FROM SHANGHAI TO CORREGIDOR: Marines in the Defense of the Philippines
by J. Michael Miller
At 0257, 8 December, a message arrived at Asiatic
Fleet Headquarters announcing the Japanese attack on Pearl Harbor.
Notification of the attack and instructions to all ships and stations
began at 0315. Shortly after 0300, Lieutenant Colonel Adams at Cavite
received word from Admiral Rockwell that the Japanese had attacked Pearl
Harbor. He instantly placed the 1st Separate Marine Battalion on
Condition One Alert until 30 minutes past daylight. At 0350 a message
came into the 4th Marines' communications center in Olongapo from
Commander-in-Chief Asiatic Fleet, stating, "Japan started hostilities,
govern yourselves accordingly." Colonel Howard was notified without
delay and then passed the word on to his officers.
First Lieutenant Austin C. Shofner came through the
officer's billet area awakening the men by telling them they were at
war. An unidentified Marine shouted, "Why don't you get out of here and
let us sleep?" Shofner soon had all the officers on duty. The next duty
was to inform the regiment. Major Frank P. Pyzick, officer of the day,
rode through the Navy Yard in the side car of a motorcycle, shouting,
"War is declared! War is declared!"
Cavite Navy Yard, 10 June 1940. The yard is located on
the island at the bottom and the Sangley Point installations at the top
of the photograph. Note the PBYs in the harbor. National
The Marine Barracks Olongapo gong sounded through the
night. Many Marines had no idea what this alarm was about. Corporal
Chester C. Alderman remembered thinking, "What kind of new fangled
reveille is this?" until an Olongapo Marine yelled out, "That's General
Alarm," and the 4th Marines tumbled from its racks half asleep to stand
formation in the dark. Lieutenant Colonel Samuel W. Freeny, executive
officer of the 1st Battalion, stood before the assembled Marines still
in his night shirt. He announced Pearl Harbor had been bombed and the
United States and Japan were at war. For many Marines the news was
anticlimactical, as one wag was heard to remark, "They got us up for
All regimental headquarters company personnel were
broken out of their bunks at 0400 and assembled outside the barracks.
Sergeant Pat Hitchcock remembered, "every 15 minutes a quartermaster
came by passing out ammunition . . . they first passed out a 5-round
clip.., a little later they gave us enough ammunition to fill our rifle
belts. Later still they passed out bandoliers to drape over our
shoulders. We looked like Mexican bandits."
The 1st Battalion was awakened at 0300 to be ready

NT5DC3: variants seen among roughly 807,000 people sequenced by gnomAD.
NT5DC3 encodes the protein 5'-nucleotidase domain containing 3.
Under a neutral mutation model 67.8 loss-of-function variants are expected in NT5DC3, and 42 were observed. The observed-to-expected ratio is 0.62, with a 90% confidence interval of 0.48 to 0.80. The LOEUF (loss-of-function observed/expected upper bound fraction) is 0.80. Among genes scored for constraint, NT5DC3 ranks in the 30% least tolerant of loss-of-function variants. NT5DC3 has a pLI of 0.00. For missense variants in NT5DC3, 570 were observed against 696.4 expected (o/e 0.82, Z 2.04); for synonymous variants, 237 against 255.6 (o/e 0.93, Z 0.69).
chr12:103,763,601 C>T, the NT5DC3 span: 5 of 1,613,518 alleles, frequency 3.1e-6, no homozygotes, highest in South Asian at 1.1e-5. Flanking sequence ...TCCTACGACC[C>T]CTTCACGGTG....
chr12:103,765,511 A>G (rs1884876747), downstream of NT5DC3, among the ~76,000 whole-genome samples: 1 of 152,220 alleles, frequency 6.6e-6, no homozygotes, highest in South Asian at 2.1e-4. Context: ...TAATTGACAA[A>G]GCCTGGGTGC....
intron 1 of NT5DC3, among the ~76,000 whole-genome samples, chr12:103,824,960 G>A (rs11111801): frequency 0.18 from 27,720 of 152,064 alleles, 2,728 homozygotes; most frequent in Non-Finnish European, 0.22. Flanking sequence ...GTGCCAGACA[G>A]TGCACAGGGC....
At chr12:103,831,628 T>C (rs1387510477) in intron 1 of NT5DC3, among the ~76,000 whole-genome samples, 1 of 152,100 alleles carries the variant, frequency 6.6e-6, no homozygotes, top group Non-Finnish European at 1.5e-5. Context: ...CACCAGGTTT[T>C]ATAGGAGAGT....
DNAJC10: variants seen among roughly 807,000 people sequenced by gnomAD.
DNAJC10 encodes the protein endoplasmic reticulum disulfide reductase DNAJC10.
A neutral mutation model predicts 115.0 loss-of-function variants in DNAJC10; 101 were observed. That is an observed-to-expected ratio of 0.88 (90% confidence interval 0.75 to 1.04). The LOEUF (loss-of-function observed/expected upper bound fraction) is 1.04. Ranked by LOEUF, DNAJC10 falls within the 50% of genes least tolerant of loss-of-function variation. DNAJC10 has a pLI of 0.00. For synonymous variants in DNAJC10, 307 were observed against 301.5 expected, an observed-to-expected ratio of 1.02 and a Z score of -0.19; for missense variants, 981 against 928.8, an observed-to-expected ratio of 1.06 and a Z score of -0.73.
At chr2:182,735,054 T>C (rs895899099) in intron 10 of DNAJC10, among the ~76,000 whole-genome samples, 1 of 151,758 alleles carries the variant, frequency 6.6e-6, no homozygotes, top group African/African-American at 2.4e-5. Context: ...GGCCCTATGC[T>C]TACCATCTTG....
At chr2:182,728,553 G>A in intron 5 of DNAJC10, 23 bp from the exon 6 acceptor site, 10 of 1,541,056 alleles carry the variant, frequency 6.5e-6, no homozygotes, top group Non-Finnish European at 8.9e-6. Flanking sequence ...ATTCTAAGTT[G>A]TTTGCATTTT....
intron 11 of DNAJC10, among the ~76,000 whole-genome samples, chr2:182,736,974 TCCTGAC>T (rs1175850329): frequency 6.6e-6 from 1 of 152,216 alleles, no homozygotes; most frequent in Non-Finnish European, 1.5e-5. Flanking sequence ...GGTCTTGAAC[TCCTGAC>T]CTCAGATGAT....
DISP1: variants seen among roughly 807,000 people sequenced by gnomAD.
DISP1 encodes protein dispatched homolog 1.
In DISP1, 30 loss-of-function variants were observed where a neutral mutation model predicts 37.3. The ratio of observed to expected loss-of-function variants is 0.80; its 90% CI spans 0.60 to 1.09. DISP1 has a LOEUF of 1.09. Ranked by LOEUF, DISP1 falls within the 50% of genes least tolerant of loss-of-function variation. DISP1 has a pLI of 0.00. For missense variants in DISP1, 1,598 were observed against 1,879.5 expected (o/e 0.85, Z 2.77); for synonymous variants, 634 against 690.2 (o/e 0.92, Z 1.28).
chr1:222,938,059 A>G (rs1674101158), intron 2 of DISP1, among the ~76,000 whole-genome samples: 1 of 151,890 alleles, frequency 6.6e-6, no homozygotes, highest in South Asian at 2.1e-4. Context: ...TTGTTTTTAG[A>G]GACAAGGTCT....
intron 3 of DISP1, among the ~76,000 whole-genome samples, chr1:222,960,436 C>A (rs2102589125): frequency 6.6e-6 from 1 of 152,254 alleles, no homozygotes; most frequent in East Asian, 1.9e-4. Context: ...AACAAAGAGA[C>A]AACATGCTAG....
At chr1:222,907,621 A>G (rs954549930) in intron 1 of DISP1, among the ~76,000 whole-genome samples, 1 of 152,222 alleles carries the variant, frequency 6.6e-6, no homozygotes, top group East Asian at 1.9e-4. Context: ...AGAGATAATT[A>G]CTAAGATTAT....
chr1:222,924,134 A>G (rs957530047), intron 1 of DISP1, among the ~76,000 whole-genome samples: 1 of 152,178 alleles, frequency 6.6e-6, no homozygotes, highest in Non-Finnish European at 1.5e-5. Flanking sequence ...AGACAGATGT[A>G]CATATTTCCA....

for the daylight move to Mariveles at 0730. Power for the battalion's
lights was cut with no explanation, and it readied for the move in
blackness. All personnel were prepared to move by daylight except
Company D, the heavy weapons company, which would join the battalion
later. The Marines were leaving the dock at Olongapo on board the USS
Vaga when Beecher was formally informed of the Japanese attack on
Pearl Harbor. The battalion sailed for the section base at Mariveles
without air support. Beecher was concerned about a possible Japanese
attack, but the 1st Battalion arrived without incident at 1130.
In the following two days, the 4th Marines and 1st
Separate Marine Battalion worked on their defensive positions. Howard
placed 36 machine guns of Lieutenant Colonel Anderson's 2d Battalion
around the Olongapo Navy Yard as antiaircraft defense, prepared beach
defense positions at Calapacuan Point, and established a bivouac site
two miles outside the Navy Yard. Fire-fighting parties were organized in
Cavite and Olongapo and demolition details were formed to destroy the
bridges north of Olongapo should the Japanese land there. Other war
measures included assigning the regimental band to Company E as a rifle
platoon and Captain Lewis H. Pickup was assigned as liaison officer to
coordinate with the neighboring 31st Philippine Army Division.
Japanese artist's rendition of the bombing of Cavite, 10 December
1941. Clifton B. Cates Papers, Personal Papers
On 8 December, Company D arrived at Mariveles by
truck to unite the 1st Battalion. The men prepared positions in the
surrounding jungle, but also worked 10 to 12 hours a day unloading the
many barges bringing rations, ammunition, and equipment. On 9 December,
Howard ordered that the regiment be fed only twice a day, "breakfast
before daylight and dinner after dark," to conserve supplies.
On 10 December, a Japanese force was reported
approaching along the Bagac Road within 20 miles of the Section Base.
Lieutenant Colonel Beecher without delay deployed the 1st Battalion into
blocking positions along the highway. Only two Marines were left behind,
a cook and the battalion armorer, Sergeant Louis E. Duncan, who guarded
the camp with two .50-caliber machine guns. The reports turned out to be
false alarms and the battalion returned to camp.
The Marine positions were not immediately attacked as
the Japanese, who were indeed attacking the Philippines, were
concentrating on airfields and Manila, the capital. However, an average
of six air-raid alarms occurred daily. Lieutenant Colonel Beecher at
first ordered his men to scatter at the sound of the air-raid siren, but
had to rescind the order as no work could be accomplished under the
constant sirens. Work continued, siren or no siren. Air-raid shelters
were constructed, instructions issued in the event Japanese aircraft
should appear, and blackout procedures were strictly followed. The
military police company at Cavite took registered and suspected enemy
aliens and foreign agents into custody.